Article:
• A recent visitor to the Carleton College made Arboretum staff take notice. Not for any particular celebrity status, but that the visitor had been absent for 78 years!  Owen McMurtrey ‘12 spotted the long lost visitor recently and rushed back to campus to report his find to the Minnesota Ornithological Union – the organization that tracks bird sightings in the state.

  • Fall Mushroom Field Trip

    25 October 2008

    Details regarding the Fall Mushroom Field Trip.

  • Arboretum Volunteer Work Day, Saturday, October 18, 9:00 a.m. – 12 noon.

  • The public is invited to participate in a special mushroom hunting field trip on Saturday, Oct. 25 beginning at 9 a.m. in the Carleton College Cowling Arboretum. Led by arboretum director Nancy Braker and library technology coordinator Eric Hinsdale, participants can enjoy the splendid fall foliage in the arboretum and search for some of the lesser-known inhabitants of the arboretum—mushrooms. Fungi of all shapes and sizes and varieties will be uncovered during a gentle two-hour hike over primarily gravel or grass trails, with occasional forays off trail for observations. The field trip is free and open to the public.

  • The Carleton College Cowling Arboretum will host “An Evening on the Prairie,” Tuesday, August 26, beginning at 6:30 p.m. Led by Nancy Braker, director of the Cowling Arboretum, the event is free and open to the public.

  • Carleton College, along with Waterford Township, has announced a plan for the replacement of the “Iron Bridge,” located over the Cannon River on Canada Avenue in Waterford. The single-lane bridge is number one on the State of Minnesota’s deficient bridge list and the Minnesota Department of Transportation (MNDOT) has placed a high priority on its replacement.

  • Along with Waterford Township, Carleton has announced a plan for the replacement of the iron bridge located over the Cannon River in Waterford. The single-lane bridge was built in 1909 and is number one on the State of Minnesota’s deficient bridge list. The College has agreed to allow its replacement to be built and maintained on about two acres of Carleton land.

  • Annual Arb Bird Count this Saturday!

    13 May 2008

    At this time of year, the arb serves as an important stopover point for many migrant bird species.  Check them out soon, before they continue northward, or are obscured by spring foliage!  Among the species recently reported in the arb are Yellow-rumped Warblers, Orange-crowned Warblers, American Redstarts and Blue-gray Gnatcatchers.  Most of these small, colorful birds are neotropical migrants which have spent the winter in Central or Southern America, and are currently en route to their nesting grounds in Canadian boreal forests.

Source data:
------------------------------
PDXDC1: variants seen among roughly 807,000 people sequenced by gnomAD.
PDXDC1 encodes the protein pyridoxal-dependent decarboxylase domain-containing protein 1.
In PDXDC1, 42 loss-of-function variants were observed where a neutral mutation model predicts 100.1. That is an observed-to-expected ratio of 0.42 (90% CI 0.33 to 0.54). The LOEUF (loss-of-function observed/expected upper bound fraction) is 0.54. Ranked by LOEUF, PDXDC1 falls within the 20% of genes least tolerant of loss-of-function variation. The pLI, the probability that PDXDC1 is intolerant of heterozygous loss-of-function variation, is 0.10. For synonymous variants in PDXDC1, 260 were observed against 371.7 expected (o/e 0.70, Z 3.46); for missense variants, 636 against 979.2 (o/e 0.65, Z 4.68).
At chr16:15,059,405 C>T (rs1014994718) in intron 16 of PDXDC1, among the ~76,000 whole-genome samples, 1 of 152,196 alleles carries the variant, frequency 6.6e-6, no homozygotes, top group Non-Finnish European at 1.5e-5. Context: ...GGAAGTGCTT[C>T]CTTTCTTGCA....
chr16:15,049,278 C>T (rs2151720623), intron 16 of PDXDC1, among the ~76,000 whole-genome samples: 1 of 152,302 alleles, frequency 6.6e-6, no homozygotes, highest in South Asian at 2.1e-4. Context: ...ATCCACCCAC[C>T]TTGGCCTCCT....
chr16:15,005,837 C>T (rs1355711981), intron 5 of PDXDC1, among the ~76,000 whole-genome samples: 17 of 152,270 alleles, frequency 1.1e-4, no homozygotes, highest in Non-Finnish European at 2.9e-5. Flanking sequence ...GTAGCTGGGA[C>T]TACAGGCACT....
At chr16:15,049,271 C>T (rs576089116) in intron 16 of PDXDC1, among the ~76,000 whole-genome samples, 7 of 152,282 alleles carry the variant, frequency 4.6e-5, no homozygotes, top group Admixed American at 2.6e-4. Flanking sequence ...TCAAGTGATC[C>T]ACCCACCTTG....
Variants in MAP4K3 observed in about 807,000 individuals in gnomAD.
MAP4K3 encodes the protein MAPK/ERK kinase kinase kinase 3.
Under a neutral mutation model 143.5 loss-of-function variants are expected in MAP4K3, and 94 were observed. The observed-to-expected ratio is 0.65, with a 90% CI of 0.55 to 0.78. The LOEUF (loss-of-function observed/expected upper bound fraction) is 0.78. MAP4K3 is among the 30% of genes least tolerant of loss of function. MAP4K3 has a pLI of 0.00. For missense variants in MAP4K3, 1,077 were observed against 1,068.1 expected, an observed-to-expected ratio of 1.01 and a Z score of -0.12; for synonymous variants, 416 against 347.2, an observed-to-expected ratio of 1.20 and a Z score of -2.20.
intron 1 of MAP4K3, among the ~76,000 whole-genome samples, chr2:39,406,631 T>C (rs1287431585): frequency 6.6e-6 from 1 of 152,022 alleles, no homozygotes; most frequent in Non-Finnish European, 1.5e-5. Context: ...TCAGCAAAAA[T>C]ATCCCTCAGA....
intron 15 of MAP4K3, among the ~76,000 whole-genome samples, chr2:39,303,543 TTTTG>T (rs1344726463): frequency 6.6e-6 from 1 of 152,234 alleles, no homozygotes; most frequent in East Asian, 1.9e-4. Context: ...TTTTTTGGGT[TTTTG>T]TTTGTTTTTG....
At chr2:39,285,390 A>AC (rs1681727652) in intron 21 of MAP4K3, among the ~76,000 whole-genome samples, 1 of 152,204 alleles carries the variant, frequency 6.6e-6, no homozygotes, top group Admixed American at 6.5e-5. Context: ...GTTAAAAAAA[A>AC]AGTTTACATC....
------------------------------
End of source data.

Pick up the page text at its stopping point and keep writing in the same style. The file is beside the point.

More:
In addition to these temporary visitors, the arb is also full of recently returned birds here to stay for the summer.  Baltimore orioles can be spotted in pairs, beginning the process of constructing their distinctive, hanging nests.   Male Red-winged Blackbirds are staking claim to pieces of marsh and shore-line, hoping to attract females with their territory and song.  Eastern Bluebirds have colonized many of the bird boxes established in the arb.  And now for a piece of bird trivia: Bluebirds (and, for that matter, all birds that appear blue in color) don’t actually have any blue pigments in their feathers.  The blue that we perceive when looking at these birds is actually the result of structural color, or the physical alteration of light achieved by certain feather structures.  If you looked at a backlit Bluebird feather, it wouldn’t appear blue at all, instead it would be a dull brown.

    Just as a reminder, this Saturday is Carleton’s annual arboretum bird count, and everyone is welcome to participate!  Meet at the tennis courts parking lot in the lower arb at 6 am with your binoculars and field guide, if you have them.  Email arb director Nancy Braker (nbraker) with any questions.

  • Nancy Braker, formerly the director of conservation of Baraboo Hills and western uplands for The Nature Conservancy in Wisconsin and a 1981 graduate of Carleton, has been named the Director of the Cowling Arboretum at Carleton College. Braker is charged with increasing the role of Carleton’s Arboretum in conservation, education, and in the sustainability of its lands. She will manage and develop all of the natural and educational resources within the arboretum, maintain and extend the restoration of native communities, initiate a long-term planning process for the arboretum, supervise arboretum staff and student workers, and maintain the trail system.

  • Buckthorn Menace Project Completed

    15 October 2007

    From Sept. 20–Oct. 13, 2007, the Upper Arb hosted “The Buckthorn Menace,” an environmental art installation. During the course of the project, campus and community volunteers worked with artist Jim Proctor to clear the invasive plant species buckthorn from the installation site and render the plants into large-scale sculptures. The installation will stand for a full year to allow viewing over the four seasons. It will be dismantled in October 2008, and the project sites will then be restored as needed by planting indigenous trees and shrubs.To learn more visit the Buckthorn Menace web site.